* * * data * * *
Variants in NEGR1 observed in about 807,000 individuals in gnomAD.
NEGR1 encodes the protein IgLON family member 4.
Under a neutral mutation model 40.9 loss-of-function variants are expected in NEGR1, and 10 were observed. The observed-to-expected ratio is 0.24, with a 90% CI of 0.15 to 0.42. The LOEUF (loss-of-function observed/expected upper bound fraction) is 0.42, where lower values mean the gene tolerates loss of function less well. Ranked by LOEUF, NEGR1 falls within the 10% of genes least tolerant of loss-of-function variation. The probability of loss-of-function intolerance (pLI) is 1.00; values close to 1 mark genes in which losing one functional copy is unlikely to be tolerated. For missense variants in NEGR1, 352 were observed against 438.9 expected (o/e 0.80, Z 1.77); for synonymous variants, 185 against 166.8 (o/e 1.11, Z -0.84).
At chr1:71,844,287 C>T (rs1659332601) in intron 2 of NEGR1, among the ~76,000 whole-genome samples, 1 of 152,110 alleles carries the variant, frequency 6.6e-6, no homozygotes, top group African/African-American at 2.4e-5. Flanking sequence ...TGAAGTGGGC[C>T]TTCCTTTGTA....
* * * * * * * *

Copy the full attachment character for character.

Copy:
Variants in NEGR1 observed in about 807,000 individuals in gnomAD.
NEGR1 encodes the protein IgLON family member 4.
Under a neutral mutation model 40.9 loss-of-function variants are expected in NEGR1, and 10 were observed. The observed-to-expected ratio is 0.24, with a 90% CI of 0.15 to 0.42. The LOEUF (loss-of-function observed/expected upper bound fraction) is 0.42, where lower values mean the gene tolerates loss of function less well. Ranked by LOEUF, NEGR1 falls within the 10% of genes least tolerant of loss-of-function variation. The probability of loss-of-function intolerance (pLI) is 1.00; values close to 1 mark genes in which losing one functional copy is unlikely to be tolerated. For missense variants in NEGR1, 352 were observed against 438.9 expected (o/e 0.80, Z 1.77); for synonymous variants, 185 against 166.8 (o/e 1.11, Z -0.84).
At chr1:71,844,287 C>T (rs1659332601) in intron 2 of NEGR1, among the ~76,000 whole-genome samples, 1 of 152,110 alleles carries the variant, frequency 6.6e-6, no homozygotes, top group African/African-American at 2.4e-5. Flanking sequence ...TGAAGTGGGC[C>T]TTCCTTTGTA....